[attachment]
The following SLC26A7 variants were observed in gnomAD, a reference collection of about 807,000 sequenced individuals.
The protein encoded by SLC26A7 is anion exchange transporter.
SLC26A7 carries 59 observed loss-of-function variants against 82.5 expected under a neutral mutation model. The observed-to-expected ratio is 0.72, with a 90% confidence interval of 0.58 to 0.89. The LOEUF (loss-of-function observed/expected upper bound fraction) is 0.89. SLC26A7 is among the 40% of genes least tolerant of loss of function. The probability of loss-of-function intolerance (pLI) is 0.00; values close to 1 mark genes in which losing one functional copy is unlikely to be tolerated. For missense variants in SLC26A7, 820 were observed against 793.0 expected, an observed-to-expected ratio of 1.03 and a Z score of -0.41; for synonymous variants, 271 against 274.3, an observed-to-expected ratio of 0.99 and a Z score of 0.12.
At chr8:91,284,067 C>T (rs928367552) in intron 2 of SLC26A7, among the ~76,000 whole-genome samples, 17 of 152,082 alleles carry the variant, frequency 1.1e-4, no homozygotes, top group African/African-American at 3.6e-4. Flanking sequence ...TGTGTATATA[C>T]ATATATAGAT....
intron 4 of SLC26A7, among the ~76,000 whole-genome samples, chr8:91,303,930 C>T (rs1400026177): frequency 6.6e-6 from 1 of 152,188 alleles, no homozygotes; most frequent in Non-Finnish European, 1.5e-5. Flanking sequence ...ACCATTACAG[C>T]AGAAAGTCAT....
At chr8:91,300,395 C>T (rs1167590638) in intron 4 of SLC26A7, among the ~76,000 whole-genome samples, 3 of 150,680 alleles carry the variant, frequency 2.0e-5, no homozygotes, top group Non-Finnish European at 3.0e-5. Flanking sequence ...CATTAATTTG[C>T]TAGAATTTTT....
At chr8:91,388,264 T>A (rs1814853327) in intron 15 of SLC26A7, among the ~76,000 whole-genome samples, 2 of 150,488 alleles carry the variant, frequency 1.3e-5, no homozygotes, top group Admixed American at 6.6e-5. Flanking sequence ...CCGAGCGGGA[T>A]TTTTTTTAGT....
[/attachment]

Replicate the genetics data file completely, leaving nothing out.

The following SLC26A7 variants were observed in gnomAD, a reference collection of about 807,000 sequenced individuals.
The protein encoded by SLC26A7 is anion exchange transporter.
SLC26A7 carries 59 observed loss-of-function variants against 82.5 expected under a neutral mutation model. The observed-to-expected ratio is 0.72, with a 90% confidence interval of 0.58 to 0.89. The LOEUF (loss-of-function observed/expected upper bound fraction) is 0.89. SLC26A7 is among the 40% of genes least tolerant of loss of function. The probability of loss-of-function intolerance (pLI) is 0.00; values close to 1 mark genes in which losing one functional copy is unlikely to be tolerated. For missense variants in SLC26A7, 820 were observed against 793.0 expected, an observed-to-expected ratio of 1.03 and a Z score of -0.41; for synonymous variants, 271 against 274.3, an observed-to-expected ratio of 0.99 and a Z score of 0.12.
At chr8:91,284,067 C>T (rs928367552) in intron 2 of SLC26A7, among the ~76,000 whole-genome samples, 17 of 152,082 alleles carry the variant, frequency 1.1e-4, no homozygotes, top group African/African-American at 3.6e-4. Flanking sequence ...TGTGTATATA[C>T]ATATATAGAT....
intron 4 of SLC26A7, among the ~76,000 whole-genome samples, chr8:91,303,930 C>T (rs1400026177): frequency 6.6e-6 from 1 of 152,188 alleles, no homozygotes; most frequent in Non-Finnish European, 1.5e-5. Flanking sequence ...ACCATTACAG[C>T]AGAAAGTCAT....
At chr8:91,300,395 C>T (rs1167590638) in intron 4 of SLC26A7, among the ~76,000 whole-genome samples, 3 of 150,680 alleles carry the variant, frequency 2.0e-5, no homozygotes, top group Non-Finnish European at 3.0e-5. Flanking sequence ...CATTAATTTG[C>T]TAGAATTTTT....
At chr8:91,388,264 T>A (rs1814853327) in intron 15 of SLC26A7, among the ~76,000 whole-genome samples, 2 of 150,488 alleles carry the variant, frequency 1.3e-5, no homozygotes, top group Admixed American at 6.6e-5. Flanking sequence ...CCGAGCGGGA[T>A]TTTTTTTAGT....